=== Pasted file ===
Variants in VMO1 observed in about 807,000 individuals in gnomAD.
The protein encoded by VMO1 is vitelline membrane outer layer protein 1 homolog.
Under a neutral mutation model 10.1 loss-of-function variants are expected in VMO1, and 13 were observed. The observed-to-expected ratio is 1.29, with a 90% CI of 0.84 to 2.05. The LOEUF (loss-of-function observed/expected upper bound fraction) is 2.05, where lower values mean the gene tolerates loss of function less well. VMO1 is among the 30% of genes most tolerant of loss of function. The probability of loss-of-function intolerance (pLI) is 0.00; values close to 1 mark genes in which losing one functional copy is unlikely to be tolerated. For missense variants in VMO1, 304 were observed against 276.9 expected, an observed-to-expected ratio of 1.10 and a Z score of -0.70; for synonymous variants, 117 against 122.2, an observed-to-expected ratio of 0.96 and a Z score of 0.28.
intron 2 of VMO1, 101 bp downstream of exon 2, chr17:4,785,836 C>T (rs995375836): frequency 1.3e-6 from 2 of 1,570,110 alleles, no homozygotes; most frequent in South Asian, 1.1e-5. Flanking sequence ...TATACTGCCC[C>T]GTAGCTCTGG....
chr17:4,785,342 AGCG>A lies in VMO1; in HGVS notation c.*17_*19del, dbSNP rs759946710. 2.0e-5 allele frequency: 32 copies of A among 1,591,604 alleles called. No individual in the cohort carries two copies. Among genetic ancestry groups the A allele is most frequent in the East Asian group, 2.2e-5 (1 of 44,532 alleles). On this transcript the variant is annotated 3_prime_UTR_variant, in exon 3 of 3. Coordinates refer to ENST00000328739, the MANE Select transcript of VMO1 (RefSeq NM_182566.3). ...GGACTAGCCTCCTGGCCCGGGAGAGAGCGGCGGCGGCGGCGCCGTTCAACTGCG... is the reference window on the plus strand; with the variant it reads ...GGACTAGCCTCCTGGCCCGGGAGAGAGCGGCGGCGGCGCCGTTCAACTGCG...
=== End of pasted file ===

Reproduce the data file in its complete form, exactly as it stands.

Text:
Variants in VMO1 observed in about 807,000 individuals in gnomAD.
The protein encoded by VMO1 is vitelline membrane outer layer protein 1 homolog.
Under a neutral mutation model 10.1 loss-of-function variants are expected in VMO1, and 13 were observed. The observed-to-expected ratio is 1.29, with a 90% CI of 0.84 to 2.05. The LOEUF (loss-of-function observed/expected upper bound fraction) is 2.05, where lower values mean the gene tolerates loss of function less well. VMO1 is among the 30% of genes most tolerant of loss of function. The probability of loss-of-function intolerance (pLI) is 0.00; values close to 1 mark genes in which losing one functional copy is unlikely to be tolerated. For missense variants in VMO1, 304 were observed against 276.9 expected, an observed-to-expected ratio of 1.10 and a Z score of -0.70; for synonymous variants, 117 against 122.2, an observed-to-expected ratio of 0.96 and a Z score of 0.28.
intron 2 of VMO1, 101 bp downstream of exon 2, chr17:4,785,836 C>T (rs995375836): frequency 1.3e-6 from 2 of 1,570,110 alleles, no homozygotes; most frequent in South Asian, 1.1e-5. Flanking sequence ...TATACTGCCC[C>T]GTAGCTCTGG....
chr17:4,785,342 AGCG>A lies in VMO1; in HGVS notation c.*17_*19del, dbSNP rs759946710. 2.0e-5 allele frequency: 32 copies of A among 1,591,604 alleles called. No individual in the cohort carries two copies. Among genetic ancestry groups the A allele is most frequent in the East Asian group, 2.2e-5 (1 of 44,532 alleles). On this transcript the variant is annotated 3_prime_UTR_variant, in exon 3 of 3. Coordinates refer to ENST00000328739, the MANE Select transcript of VMO1 (RefSeq NM_182566.3). ...GGACTAGCCTCCTGGCCCGGGAGAGAGCGGCGGCGGCGGCGCCGTTCAACTGCG... is the reference window on the plus strand; with the variant it reads ...GGACTAGCCTCCTGGCCCGGGAGAGAGCGGCGGCGGCGCCGTTCAACTGCG...